Jan 8, 2010 at 9:45 PM
pietbeenz wrote:

I thought that a Task is a synonym for Application Services, not Domain Services!

pietbeenz, you have a point. The "services" concepts in DDD are woefully confused and used interchangeably.

The "ApplicationServices -> Tasks" section of the WCHM docs has a launch point link to a lot of discussion on the topic.

 

As far as I am interperting it, WCHM is set up like so:

WCHM Tasks Layer - A fusion of "DDD Domain Services" (stateless domain behaviour that encapsulates operations on more than one domain object) and "Application Services" (set of services that act as boundary to the domain layer, used by the client application)

WCHM Services Layer - (As defined by Domain.Contracts.Services) - An entirely different kind of "service". I like to think of this one as more akin to behaving like a Repository. It's a "service" that (implemented by the Infrastructure layer) is responsible for doing stuff with external resources (outside of the system). In WCHM, you will notice that the Services are consumed by the "Application Services" layer (one part of the "Tasks" layer, as above)

 

Ultimately, I really like the setup of WCHM in this regard. I think if you review the codebase you'll get a much better idea of how things fit.

Please let me know if you have any comments. I actually intend to do a wiki or blog post about this sometime, as it's something that's been nagging me for quite some time as well.

Jan 8, 2010 at 9:56 PM
chnicola wrote:

So for this situation I would place the [Transaction] attribute (which you don't need contrib for) should go on the Actions in the controller.  If I was calling the tasks from a WPF GUI or a WCF service or something I would use #A-Contrib and the [UnitOfWork] attribute.

Hi Chris,

Thank you for the comments.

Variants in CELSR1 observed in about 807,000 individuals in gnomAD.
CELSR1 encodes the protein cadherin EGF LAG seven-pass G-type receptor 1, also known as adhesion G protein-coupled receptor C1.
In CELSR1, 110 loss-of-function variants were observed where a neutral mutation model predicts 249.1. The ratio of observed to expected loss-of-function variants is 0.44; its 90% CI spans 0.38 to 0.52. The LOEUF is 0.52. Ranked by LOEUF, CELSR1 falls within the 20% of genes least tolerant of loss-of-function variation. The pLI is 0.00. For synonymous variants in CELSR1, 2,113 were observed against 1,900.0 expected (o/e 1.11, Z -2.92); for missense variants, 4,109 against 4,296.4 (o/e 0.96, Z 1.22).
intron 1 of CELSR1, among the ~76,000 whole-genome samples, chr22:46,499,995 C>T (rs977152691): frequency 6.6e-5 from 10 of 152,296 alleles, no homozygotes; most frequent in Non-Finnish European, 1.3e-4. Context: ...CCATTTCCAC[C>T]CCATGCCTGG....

What about if your Application Services layer (in the DDD sense - a gateway API to your domain/domainservices) needs to handle some aspects of session/transaction?

 

For instance, if I have a "Publish News Item" action in my app services layer, which needs to:

* Validate a domain object

* Save a domain object

* Register the new domain object with another Service

* Do some more processing on the new domain object

and needs to handle this workflow "transactionally"? I would think I have two options:

1) Handle the session/transaction stuff inline, within the action. This would require knowledge of the session and transaction

2) Handle the workflow without using session/transaction semantics. This would involve some kind of exception management contraction, where ultimately the action would pass a result back to the caller (say, a web Controller), which would then be responsible for taking the response of the action and doing the required commits/rollbacks to the session/transaction.

 

In any case, I thinks this falls outside of the scope of WCHM per se.

I started a discussion on the SA mailing list on this subject:

http://groups.google.com/group/sharp-architecture/browse_thread/thread/6dde132d999c0160#

I would love to get your input there!

Thanks Chris!

Jan 9, 2010 at 3:24 PM
martin_aatmaa wrote:

As far as I am interperting it, WCHM is set up like so:

WCHM Tasks Layer - A fusion of "DDD Domain Services" (stateless domain behaviour that encapsulates operations on more than one domain object) and "Application Services" (set of services that act as boundary to the domain layer, used by the client application)

WCHM Services Layer - (As defined by Domain.Contracts.Services) - An entirely different kind of "service". I like to think of this one as more akin to behaving like a Repository. It's a "service" that (implemented by the Infrastructure layer) is responsible for doing stuff with external resources (outside of the system). In WCHM, you will notice that the Services are consumed by the "Application Services" layer (one part of the "Tasks" layer, as above)

These concepts can indeed be confusing. My interpretation: